Thus, unlike the tax dispute resolution council of the GRS, the Tax Appeals Council at the MoF is composed of representatives of the public as well as private non-profit organizations. Notably, this council enjoys a high level of trust among the taxpayers.

The Tax Code of Georgia also explicitly restricts the Tax Appeals Council from aggravating (subject to a few exceptions) the taxpayer’s tax liabilities during the tax dispute.

Subject to certain exceptions, the Tax Appeals Council considers the taxpayers’ claims only with respect to those matters which had been appealed to the GRS.

The Tax Appeals Council is authorized to make one of the following decisions: (a) full or partial satisfaction of the taxpayer’s appeal; (b) denial of the taxpayer’s appeal; (c) declaration of the taxpayer’s appeal as inadmissible; (d) suspension of the hearings; or (e) a combination of any of these options.

The taxpayer may challenge the decision of the Tax Appeals Council before the competent court in Georgia within 20 days from the day of submission of this decision to the taxpayer.

The decision of the Tax Appeals Council enters into force 21 days from the date that the taxpayer is notified of this decision. If the taxpayer fails to challenge said decision in the court within this timeframe, then said decision enters into force.

Tax Disputes before the Georgian courts

If the taxpayer is not happy with the results of the dispute resolution process at the GRS or the Tax Appeals Council, he may pursue this dispute within the court system of Georgia, which includes the court of first instance, the court of appeals (i.e. court of second instance) and the Supreme Court.

The court of first instance must render its decision on the tax dispute within two months from the date of acceptance of the respective tax claim. In the case of complex cases, this time may be extended for another two-month period.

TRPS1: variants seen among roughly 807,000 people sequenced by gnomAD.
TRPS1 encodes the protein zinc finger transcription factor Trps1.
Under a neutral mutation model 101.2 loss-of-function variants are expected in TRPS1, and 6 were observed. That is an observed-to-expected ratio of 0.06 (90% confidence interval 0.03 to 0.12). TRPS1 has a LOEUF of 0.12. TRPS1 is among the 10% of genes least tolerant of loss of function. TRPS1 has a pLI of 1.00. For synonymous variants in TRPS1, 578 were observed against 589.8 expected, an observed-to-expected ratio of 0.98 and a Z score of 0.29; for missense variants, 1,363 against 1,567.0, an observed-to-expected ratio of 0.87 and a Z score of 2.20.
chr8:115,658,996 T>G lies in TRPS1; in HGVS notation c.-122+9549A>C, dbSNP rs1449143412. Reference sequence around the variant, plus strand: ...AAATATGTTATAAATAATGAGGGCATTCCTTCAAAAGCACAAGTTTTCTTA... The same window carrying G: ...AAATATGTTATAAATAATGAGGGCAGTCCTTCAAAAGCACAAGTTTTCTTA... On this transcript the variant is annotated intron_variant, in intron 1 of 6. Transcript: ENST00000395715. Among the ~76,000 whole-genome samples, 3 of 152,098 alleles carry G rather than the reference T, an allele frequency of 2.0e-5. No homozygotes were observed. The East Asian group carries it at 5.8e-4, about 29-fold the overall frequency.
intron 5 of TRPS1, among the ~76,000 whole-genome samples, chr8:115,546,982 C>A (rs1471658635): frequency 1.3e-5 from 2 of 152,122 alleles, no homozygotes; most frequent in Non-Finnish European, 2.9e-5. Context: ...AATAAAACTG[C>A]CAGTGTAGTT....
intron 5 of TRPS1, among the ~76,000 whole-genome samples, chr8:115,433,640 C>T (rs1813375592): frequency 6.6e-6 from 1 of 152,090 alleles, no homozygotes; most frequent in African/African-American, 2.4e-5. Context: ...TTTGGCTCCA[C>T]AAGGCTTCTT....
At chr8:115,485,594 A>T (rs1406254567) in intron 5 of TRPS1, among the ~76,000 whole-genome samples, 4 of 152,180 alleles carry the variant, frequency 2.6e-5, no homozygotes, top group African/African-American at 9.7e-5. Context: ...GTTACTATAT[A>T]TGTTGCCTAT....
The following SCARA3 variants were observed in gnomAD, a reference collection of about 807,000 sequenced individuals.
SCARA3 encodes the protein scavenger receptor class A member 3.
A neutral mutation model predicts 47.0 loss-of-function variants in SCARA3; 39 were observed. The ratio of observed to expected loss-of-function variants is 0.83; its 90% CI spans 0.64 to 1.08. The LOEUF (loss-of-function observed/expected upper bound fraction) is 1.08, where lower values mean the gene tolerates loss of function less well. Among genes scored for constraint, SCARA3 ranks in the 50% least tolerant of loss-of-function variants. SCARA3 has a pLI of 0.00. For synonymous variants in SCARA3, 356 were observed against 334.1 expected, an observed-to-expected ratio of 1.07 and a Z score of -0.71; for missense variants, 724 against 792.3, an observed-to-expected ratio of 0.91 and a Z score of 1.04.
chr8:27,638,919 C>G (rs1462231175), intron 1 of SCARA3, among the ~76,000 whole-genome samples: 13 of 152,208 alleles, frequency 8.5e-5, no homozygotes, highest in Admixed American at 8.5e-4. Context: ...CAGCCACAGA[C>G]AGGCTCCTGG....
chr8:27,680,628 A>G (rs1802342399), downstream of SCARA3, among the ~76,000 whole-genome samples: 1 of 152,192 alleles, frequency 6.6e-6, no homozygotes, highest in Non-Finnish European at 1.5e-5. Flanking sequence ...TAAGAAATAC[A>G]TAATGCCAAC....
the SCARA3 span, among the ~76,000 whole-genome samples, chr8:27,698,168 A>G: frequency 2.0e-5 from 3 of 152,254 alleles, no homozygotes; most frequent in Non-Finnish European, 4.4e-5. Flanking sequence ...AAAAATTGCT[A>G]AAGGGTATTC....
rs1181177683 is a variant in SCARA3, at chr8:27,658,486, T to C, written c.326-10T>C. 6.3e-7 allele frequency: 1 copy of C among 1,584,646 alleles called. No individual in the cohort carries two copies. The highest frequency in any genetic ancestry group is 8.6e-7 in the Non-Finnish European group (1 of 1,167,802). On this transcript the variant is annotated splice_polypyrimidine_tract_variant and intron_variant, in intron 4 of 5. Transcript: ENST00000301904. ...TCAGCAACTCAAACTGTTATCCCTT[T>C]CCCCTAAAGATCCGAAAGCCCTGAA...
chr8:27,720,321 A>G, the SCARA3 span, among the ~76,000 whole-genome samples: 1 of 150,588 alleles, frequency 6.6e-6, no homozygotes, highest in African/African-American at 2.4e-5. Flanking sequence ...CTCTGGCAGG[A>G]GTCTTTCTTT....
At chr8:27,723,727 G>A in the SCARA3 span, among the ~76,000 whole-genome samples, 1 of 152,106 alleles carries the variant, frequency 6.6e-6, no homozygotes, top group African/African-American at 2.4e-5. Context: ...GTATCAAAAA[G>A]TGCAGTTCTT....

The court of appeals must render its decision on the tax claims within two months from the date that the tax claim is accepted.

The courts are independent from the GRS and the MoF; however, only a minor proportion of tax disputes are submitted to the courts by the taxpayer. The taxpayers are usually reluctant to continue the dispute process to the courts, one of the reasons being the relatively high costs associated with this process.

Conclusion

Georgian legislation offers a comprehensive system for the resolution of tax disputes. The Tax Appeals Council of the MoF is the most trusted institution for the taxpayers to resolve tax disputes.

However, the increasing number of audits and tax assessments has resulted in this council becoming congested. Moreover, the Tax Appeals Council does not have the attributes and resources which the courts have; these and other factors underpin the assumption that the court should be the best forum for the resolution of tax disputes. However, the recent attitude of taxpayers involved in such disputes does not confirm this intuitive assumption: in a number of independent surveys, a majority of taxpayers clearly gave preference to the Tax Appeal Council over the courts.

This can be explained by the fact that the Georgian court system does not have special tax courts or tax tribunals. Therefore, tax disputes are considered by judges with a professional background in general administrative law or civil law; while, the tax laws of Georgia are largely based on accounting standards and economic concepts.

Proper resolution of tax disputes requires good knowledge of these standards and concepts. Therefore, judges lacking a background in economics or accounting resolving tax disputes is a challenge. In comparison, a large number of Tax Appeals Council members are not lawyers and most of them have a strong background in economics and accounting. This may be one of the reasons the taxpayers prefer the Tax Appeals Council's dispute resolution process.

In light of all these factors, as well as the importance of the judiciary to the overall development of a predictable and trustworthy tax system, we believe that the creation of tax courts would be a welcomed addition to Georgia’s judicial system. Introducing tax courts or tax tribunals could a valuable development in terms of the protection of taxpayers’ rights in Georgia.